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A boxer from Atlanta was detained by immigration officials after being pulled over during a traffic stop in the Florida Keys.
Abel Aparicio was born in Mexico and came to the U.S. when he was 13 years old. He overstayed his visa. Since then, he’s built a career as a professional boxer and also married an American woman. They had three children together.
But in the weeks after President Donald Trump vowed immigration raids in major cities across the country, Aparicio was taken into custody on July 16 in Marathon.
He was on vacation with his friends, riding in the backseat of the vehicle when they got pulled over. The Monroe County Sheriff’s Officer said it was because the car’s tag light was out.
“I honestly think it was racial profiling,” said Aparicio’s wife, Shelby Carter. “I think they saw a lot of brown guys driving down the street, listening to music, having fun, and I think they saw that and that’s why they pulled them over.”
The sheriff called for border patrol 18 minutes into the stop after asking Aparicio for his ID and seeing it was from Mexico.
“When she asked for my ID … I immediately knew I was going to immigration,” Aparicio recalled.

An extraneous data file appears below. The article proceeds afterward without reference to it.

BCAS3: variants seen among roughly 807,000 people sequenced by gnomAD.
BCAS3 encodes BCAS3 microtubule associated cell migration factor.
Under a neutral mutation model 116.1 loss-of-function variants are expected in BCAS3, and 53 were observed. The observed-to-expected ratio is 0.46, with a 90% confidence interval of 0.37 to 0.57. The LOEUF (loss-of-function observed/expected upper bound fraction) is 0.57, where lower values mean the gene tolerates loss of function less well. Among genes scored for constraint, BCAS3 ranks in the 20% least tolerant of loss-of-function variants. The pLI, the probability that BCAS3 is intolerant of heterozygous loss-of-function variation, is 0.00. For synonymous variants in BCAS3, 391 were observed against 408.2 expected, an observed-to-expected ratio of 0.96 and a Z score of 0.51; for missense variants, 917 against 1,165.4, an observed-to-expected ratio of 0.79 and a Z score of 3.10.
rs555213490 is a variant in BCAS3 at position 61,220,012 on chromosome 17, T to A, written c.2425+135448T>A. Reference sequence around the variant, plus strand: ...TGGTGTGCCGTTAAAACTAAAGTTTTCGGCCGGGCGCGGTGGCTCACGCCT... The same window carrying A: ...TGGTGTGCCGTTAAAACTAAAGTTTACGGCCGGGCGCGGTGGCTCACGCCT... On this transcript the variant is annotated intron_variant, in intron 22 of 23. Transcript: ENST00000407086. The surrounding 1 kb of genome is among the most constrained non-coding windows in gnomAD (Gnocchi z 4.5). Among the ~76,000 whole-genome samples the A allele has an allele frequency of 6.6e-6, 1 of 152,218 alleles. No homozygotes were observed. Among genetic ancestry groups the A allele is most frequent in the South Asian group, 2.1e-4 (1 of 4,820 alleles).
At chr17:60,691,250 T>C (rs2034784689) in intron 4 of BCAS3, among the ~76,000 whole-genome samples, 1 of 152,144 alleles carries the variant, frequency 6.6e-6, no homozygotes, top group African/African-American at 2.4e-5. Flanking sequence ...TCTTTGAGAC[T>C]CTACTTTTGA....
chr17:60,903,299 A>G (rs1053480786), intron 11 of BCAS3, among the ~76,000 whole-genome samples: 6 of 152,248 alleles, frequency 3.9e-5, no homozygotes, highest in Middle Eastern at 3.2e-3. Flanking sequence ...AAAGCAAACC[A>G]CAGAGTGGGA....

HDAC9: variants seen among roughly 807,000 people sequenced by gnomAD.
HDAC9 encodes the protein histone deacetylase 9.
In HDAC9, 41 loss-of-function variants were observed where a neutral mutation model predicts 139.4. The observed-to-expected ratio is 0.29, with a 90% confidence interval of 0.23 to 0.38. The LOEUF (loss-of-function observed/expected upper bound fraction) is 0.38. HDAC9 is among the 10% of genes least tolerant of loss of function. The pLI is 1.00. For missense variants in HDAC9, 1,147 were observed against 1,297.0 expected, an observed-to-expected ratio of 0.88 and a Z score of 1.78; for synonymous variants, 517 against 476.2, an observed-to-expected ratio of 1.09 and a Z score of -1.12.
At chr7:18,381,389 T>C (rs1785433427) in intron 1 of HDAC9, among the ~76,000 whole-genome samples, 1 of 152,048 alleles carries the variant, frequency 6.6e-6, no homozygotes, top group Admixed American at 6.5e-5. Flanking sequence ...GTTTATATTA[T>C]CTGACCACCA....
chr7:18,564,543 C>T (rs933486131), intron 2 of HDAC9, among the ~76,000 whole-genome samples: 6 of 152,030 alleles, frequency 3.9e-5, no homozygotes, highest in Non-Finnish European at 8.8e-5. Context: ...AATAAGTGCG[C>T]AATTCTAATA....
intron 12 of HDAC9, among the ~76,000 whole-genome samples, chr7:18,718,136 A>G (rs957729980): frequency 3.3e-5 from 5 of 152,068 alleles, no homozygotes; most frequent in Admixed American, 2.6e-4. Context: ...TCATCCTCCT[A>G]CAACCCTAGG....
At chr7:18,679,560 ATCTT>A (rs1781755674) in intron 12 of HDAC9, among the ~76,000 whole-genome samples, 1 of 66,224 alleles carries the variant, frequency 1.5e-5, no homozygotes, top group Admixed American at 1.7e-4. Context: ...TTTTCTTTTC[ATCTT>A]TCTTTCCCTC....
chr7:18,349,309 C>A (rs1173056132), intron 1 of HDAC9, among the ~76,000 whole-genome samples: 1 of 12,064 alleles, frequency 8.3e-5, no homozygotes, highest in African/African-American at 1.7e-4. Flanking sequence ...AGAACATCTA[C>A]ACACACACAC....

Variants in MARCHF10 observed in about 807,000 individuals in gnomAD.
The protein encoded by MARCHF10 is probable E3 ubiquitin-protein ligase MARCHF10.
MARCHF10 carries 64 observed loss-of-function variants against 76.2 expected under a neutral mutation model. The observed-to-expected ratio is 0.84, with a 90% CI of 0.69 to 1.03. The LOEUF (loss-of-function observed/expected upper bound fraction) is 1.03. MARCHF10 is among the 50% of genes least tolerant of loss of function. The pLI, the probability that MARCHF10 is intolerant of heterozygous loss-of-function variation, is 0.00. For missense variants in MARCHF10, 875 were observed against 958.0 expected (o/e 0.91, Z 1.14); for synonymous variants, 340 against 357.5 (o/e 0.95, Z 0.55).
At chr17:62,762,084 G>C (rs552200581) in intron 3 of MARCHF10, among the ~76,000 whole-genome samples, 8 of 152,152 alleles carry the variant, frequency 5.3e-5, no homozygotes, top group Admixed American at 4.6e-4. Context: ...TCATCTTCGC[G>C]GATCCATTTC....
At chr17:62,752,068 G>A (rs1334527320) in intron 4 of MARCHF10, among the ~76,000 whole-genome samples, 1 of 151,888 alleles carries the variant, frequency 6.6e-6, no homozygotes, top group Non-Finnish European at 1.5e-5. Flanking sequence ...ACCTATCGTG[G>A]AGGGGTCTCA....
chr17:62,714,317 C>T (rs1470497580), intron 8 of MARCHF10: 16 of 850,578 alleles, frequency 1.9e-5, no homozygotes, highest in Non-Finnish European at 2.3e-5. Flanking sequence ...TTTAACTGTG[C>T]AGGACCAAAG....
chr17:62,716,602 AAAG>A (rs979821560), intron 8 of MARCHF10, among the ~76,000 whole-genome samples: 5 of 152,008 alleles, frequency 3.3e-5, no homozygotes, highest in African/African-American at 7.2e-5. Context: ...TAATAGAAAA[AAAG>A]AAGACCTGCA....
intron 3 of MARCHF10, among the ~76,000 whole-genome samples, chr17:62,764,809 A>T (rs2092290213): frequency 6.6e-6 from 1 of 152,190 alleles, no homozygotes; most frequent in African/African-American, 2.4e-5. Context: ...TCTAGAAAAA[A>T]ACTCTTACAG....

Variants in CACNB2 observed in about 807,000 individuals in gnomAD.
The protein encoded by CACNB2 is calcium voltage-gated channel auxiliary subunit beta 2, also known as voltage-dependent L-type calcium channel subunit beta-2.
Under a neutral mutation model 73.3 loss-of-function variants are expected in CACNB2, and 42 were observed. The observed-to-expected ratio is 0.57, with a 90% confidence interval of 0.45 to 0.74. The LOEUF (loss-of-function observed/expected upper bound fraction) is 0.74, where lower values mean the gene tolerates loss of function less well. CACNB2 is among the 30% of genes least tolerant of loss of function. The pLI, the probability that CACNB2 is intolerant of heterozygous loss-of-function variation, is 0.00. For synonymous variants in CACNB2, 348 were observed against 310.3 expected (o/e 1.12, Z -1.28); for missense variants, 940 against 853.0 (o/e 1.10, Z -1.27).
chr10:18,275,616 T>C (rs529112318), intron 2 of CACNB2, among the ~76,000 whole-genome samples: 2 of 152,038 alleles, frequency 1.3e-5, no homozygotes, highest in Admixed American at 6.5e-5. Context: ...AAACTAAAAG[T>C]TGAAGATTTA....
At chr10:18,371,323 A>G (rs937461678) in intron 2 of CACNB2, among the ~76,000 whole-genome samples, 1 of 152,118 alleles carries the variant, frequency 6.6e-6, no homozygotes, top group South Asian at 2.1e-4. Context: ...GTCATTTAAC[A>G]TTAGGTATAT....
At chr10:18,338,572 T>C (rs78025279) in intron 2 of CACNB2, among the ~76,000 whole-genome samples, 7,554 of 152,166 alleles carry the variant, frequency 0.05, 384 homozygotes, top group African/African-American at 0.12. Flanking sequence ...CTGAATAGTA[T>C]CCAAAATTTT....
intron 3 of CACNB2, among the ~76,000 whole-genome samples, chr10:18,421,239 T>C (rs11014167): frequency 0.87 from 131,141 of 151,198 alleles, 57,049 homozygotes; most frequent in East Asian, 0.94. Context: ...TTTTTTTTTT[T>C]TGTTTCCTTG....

“Because the deputies that were on the scene wanted to know if he was legal or not,” Carter said.
Aparicio was sent to the Krome Detention Center in southwest Miami-Dade County.
“I didn’t do anything. I’m a good person,” Aparicio said. “I don’t see why I was in that situation.”
He was released Friday, after his lawyer successfully argued that he was not a threat to flee and, with no qualifying criminal convictions, is not a threat to the community. A judge granted him a $5,000 bond.
“It really makes you think … all this stuff you’ve been working on is for no reason,” he said.
Aparicio is grateful to be coming home to Atlanta, but the issue is now far from over.
“Once everything is resolved and we get him legal, then he’ll be living the life he’s always dreamed of living,” Carter said.
NBC 6 contacted the Monroe County Sheriff to clarify how the July 16 traffic stop led to a passenger being detained but has not heard back.